Airports in Florida remain closed and flight cancellations moved north along with tropical storm Irma.
According to tracking service FlightAware, more than 4 200 US flights scheduled for Monday, 11 September, were cancelled by mid-afternoon and more than 9 000 flights were cancelled since Saturday, 9 September.
ALSO SEE: SAA puts contingency plan in place for Irma-affected passengers
South African Airways (SAA) also confirmed it will waive re-booking fees to all customers whose flights are affected by Hurricane Irma. SAA has also offered re-booking assistance to any customers that have booked SAA flights to Caribbean and Florida airports via New York and Washington.
SAA spokesperson Tlali Tlali says the free assistance will be offered to those travelling until Tuesday, 12 September, and re-bookings can only be made for flights up to 19 September 2017.
SEE: UPDATE: Thousands affected by Irma as tourism is hit hard
Irma weakened from a hurricane to a tropical storm and did not cause as much damage in Florida as some forecasters had feared. Airline stocks rose, led by American Airlines, which has a huge base in Miami.
American Airlines had planned to restart in Miami on Monday but pushed service back until Tuesday. Spokesman Ross Feinstein says the airline had to wait for approval to fly from federal aviation officials, and until security screeners and airport vendors could return to work.
Damage to airports
Terminal buildings at Miami International Airport suffered significant water damage, and ceiling tiles at gate areas fell down throughout the airport, says spokesman Greg Chin.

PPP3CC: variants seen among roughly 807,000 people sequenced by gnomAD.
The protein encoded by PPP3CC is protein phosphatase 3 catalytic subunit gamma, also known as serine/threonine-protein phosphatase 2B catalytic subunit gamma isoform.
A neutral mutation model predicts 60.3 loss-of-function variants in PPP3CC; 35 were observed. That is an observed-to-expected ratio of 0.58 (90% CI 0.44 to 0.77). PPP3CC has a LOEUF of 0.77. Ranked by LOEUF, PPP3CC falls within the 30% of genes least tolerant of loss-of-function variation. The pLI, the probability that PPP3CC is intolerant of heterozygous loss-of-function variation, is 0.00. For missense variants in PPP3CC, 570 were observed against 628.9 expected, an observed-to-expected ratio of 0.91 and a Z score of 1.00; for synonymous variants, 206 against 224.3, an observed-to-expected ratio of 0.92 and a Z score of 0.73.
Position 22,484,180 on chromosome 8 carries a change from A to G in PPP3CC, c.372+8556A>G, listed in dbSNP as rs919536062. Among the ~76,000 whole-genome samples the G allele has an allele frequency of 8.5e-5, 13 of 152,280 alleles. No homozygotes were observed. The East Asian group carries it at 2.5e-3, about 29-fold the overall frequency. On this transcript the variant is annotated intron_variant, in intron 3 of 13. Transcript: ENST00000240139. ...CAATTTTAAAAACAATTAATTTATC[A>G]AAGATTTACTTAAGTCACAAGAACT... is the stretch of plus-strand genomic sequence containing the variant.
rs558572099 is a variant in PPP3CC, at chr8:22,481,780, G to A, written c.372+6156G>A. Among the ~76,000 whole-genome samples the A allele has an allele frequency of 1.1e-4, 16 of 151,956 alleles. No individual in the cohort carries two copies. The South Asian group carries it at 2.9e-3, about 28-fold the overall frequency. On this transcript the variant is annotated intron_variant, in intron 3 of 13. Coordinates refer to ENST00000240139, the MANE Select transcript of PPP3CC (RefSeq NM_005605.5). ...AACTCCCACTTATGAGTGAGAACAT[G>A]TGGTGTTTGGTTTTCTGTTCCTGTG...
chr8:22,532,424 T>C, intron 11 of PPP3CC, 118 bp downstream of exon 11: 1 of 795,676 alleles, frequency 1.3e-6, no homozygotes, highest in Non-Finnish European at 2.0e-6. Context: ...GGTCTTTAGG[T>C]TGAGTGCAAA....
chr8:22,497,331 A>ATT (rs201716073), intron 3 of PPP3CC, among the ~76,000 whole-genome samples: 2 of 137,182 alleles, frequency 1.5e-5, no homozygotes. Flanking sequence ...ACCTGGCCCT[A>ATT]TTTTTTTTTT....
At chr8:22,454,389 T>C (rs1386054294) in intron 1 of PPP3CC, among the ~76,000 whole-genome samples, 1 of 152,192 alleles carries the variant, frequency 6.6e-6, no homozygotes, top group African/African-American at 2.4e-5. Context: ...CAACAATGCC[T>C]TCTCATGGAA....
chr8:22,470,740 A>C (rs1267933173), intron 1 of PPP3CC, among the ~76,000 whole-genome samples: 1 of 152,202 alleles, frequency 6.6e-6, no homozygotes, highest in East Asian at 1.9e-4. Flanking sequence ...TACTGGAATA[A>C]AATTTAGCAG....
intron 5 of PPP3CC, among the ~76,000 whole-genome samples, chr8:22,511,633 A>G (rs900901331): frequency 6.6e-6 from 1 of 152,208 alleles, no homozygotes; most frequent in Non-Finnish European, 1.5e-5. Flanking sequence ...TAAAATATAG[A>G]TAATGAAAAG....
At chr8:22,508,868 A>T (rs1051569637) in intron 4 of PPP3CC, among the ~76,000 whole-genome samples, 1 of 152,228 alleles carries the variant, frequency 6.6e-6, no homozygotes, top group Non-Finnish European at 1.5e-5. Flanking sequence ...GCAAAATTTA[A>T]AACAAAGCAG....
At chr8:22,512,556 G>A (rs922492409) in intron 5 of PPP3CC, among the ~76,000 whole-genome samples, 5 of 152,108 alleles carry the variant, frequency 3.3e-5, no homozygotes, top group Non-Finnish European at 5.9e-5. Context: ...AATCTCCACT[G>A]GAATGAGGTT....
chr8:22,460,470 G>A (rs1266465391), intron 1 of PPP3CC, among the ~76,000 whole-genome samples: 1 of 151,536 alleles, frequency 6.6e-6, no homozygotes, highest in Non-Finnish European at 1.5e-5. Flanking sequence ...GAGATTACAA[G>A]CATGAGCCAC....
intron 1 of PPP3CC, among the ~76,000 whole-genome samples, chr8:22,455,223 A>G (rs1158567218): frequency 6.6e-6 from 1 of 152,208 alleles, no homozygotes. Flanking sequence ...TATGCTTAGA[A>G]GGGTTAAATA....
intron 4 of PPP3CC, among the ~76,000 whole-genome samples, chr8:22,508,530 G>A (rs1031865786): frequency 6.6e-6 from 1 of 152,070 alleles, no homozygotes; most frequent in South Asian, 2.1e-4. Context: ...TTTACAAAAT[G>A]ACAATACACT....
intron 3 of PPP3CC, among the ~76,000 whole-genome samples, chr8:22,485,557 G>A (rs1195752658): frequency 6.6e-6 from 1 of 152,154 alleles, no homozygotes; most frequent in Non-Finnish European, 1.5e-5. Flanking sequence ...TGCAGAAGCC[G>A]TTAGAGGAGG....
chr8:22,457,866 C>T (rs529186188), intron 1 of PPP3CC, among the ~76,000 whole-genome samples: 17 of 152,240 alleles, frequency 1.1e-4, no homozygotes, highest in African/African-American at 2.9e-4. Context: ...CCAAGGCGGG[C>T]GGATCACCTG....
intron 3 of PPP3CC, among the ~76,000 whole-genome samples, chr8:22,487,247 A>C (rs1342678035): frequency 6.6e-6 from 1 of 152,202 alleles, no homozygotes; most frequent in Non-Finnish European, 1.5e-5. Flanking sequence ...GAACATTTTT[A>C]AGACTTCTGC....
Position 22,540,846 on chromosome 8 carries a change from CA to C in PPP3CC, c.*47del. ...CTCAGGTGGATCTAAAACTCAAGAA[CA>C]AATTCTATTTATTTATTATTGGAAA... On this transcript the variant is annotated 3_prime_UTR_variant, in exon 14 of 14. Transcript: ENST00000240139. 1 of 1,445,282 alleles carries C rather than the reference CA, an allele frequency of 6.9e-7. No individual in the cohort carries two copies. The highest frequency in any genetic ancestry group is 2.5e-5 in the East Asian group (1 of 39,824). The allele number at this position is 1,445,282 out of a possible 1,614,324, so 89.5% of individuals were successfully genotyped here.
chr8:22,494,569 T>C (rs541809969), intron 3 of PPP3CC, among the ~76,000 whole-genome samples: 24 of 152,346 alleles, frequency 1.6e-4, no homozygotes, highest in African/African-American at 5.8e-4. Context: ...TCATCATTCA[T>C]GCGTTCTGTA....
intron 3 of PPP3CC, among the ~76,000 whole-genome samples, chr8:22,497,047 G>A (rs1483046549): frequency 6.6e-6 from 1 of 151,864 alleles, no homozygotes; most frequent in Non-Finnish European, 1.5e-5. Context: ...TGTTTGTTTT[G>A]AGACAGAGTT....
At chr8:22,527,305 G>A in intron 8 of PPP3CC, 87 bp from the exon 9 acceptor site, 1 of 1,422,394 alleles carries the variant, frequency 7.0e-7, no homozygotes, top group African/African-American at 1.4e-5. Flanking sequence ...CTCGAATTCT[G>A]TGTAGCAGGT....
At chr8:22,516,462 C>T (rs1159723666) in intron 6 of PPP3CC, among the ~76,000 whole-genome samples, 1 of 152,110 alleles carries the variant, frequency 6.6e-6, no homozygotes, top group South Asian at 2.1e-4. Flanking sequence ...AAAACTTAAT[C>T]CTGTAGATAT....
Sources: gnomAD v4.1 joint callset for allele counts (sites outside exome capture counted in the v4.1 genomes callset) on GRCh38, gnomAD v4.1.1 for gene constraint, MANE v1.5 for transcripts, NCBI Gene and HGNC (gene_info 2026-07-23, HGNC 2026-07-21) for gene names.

At nearby Fort Lauderdale-Hollywood International Airport, there were some leaks in terminal roofs and trees were downed in the employee parking lot, but overall damage was minimal, according to Meyer. He says water on the runways was receding.
Airlines were expected to fly empty planes to the Fort Lauderdale airport later Monday to operate departing flights Tuesday morning, Meyer says.
Miami International Airport hopes to open on Tuesday with limited service.
Disruptions spread beyond Florida
Delta Airlines cancelled 900 flights on Monday, including many at its Atlanta hub because of high winds, while Southwest cancelled Atlanta schedule flights in early afternoon on Monday. American Airlines also scrapped 300 flights in Charlotte, North Carolina, due to the wind.
United Parcel Service Company and FedEx Corpration couldn't make flights into Miami, where each has a major sorting facility, and it was unclear when deliveries would resume, partly because so many customers evacuated to avoid the storm.
"Even if we're able to make deliveries, can customers receive them?" asks UPS spokesman Matthew O'Connor.
SEE: Miami Airport calls out Trump official for sharing fake news
American Airlines, Spirit Airlines and JetBlue Airways have a greater percentage of flights in Florida and the Caribbean, according to a Raymond James analyst.
With Florida's biggest airports expected to reopen on Tuesday, airlines won't lose as much money on lost flights — nothing like the $150 million hit that United suffered last month from Hurricane Harvey in Texas.
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